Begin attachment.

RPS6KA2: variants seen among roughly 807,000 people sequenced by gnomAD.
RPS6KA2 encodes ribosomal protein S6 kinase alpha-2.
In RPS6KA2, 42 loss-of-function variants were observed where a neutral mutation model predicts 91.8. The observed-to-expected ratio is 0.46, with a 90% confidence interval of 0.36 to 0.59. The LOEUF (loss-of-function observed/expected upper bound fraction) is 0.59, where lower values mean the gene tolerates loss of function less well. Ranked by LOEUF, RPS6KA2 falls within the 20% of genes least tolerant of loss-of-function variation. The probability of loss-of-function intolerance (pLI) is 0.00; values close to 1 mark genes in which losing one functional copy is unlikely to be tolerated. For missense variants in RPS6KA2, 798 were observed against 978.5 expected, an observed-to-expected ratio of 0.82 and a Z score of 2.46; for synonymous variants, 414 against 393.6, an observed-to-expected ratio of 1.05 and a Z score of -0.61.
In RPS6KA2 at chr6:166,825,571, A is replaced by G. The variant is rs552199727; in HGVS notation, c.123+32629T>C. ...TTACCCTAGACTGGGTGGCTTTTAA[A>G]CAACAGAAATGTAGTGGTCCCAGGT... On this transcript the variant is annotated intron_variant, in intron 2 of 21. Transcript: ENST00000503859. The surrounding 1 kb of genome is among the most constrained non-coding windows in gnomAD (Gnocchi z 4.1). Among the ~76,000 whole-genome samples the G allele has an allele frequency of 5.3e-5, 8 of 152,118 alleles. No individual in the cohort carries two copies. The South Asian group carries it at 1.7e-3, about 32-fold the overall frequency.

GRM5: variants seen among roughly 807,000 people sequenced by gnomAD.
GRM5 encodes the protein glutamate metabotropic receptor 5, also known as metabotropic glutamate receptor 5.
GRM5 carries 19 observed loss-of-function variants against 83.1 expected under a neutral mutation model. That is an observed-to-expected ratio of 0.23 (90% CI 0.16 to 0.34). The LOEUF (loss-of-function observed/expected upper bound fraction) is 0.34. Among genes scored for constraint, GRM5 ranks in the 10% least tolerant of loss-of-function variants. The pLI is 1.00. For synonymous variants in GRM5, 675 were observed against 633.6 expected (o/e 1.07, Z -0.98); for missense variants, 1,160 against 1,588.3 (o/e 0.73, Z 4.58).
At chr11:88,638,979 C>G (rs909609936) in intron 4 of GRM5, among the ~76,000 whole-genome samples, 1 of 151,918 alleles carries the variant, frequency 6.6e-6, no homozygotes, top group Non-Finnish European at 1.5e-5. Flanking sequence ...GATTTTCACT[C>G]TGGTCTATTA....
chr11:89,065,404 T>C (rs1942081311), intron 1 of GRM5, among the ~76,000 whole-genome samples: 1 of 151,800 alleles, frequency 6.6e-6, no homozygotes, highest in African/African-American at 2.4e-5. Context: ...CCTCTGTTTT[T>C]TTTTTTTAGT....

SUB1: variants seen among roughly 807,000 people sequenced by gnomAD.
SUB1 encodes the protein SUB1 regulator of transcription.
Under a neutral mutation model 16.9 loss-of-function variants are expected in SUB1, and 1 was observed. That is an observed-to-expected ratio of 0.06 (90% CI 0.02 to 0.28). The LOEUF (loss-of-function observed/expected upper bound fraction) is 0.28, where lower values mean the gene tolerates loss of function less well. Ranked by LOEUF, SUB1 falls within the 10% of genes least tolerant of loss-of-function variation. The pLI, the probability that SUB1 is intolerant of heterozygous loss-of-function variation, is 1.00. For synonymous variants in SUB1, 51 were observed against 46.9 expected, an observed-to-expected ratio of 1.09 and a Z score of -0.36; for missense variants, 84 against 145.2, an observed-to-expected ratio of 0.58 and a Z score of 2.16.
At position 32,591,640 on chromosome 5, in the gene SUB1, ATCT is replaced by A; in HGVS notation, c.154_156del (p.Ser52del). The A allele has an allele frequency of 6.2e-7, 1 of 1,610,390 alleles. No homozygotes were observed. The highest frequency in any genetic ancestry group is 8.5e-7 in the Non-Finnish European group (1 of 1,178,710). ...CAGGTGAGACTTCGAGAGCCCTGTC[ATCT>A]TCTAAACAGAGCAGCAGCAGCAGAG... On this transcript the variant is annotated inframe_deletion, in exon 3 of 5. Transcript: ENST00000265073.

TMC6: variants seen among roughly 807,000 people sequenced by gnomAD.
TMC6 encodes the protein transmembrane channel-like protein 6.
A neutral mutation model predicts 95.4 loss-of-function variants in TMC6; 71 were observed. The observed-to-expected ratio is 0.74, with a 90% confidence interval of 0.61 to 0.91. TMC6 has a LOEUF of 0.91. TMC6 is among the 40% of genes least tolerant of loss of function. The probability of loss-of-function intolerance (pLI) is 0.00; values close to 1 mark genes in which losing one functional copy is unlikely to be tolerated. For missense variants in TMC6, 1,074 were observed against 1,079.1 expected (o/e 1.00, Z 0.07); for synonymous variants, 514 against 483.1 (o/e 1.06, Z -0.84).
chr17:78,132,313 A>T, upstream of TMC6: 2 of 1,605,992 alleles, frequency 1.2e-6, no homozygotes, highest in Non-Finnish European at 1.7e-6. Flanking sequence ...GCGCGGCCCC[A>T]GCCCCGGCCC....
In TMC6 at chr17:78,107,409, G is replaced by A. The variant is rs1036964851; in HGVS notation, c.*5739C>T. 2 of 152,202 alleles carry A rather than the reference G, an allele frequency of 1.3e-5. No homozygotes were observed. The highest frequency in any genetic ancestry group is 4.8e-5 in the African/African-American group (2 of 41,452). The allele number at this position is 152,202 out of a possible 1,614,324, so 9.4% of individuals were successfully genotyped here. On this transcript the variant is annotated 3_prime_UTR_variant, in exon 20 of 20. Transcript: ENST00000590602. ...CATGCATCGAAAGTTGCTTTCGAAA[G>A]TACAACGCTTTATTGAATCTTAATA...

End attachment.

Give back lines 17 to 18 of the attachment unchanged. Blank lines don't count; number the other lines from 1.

chr17:78,132,313 A>T, upstream of TMC6: 2 of 1,605,992 alleles, frequency 1.2e-6, no homozygotes, highest in Non-Finnish European at 1.7e-6. Flanking sequence ...GCGCGGCCCC[A>T]GCCCCGGCCC....
In TMC6 at chr17:78,107,409, G is replaced by A. The variant is rs1036964851; in HGVS notation, c.*5739C>T. 2 of 152,202 alleles carry A rather than the reference G, an allele frequency of 1.3e-5. No homozygotes were observed. The highest frequency in any genetic ancestry group is 4.8e-5 in the African/African-American group (2 of 41,452). The allele number at this position is 152,202 out of a possible 1,614,324, so 9.4% of individuals were successfully genotyped here. On this transcript the variant is annotated 3_prime_UTR_variant, in exon 20 of 20. Transcript: ENST00000590602. ...CATGCATCGAAAGTTGCTTTCGAAA[G>A]TACAACGCTTTATTGAATCTTAATA...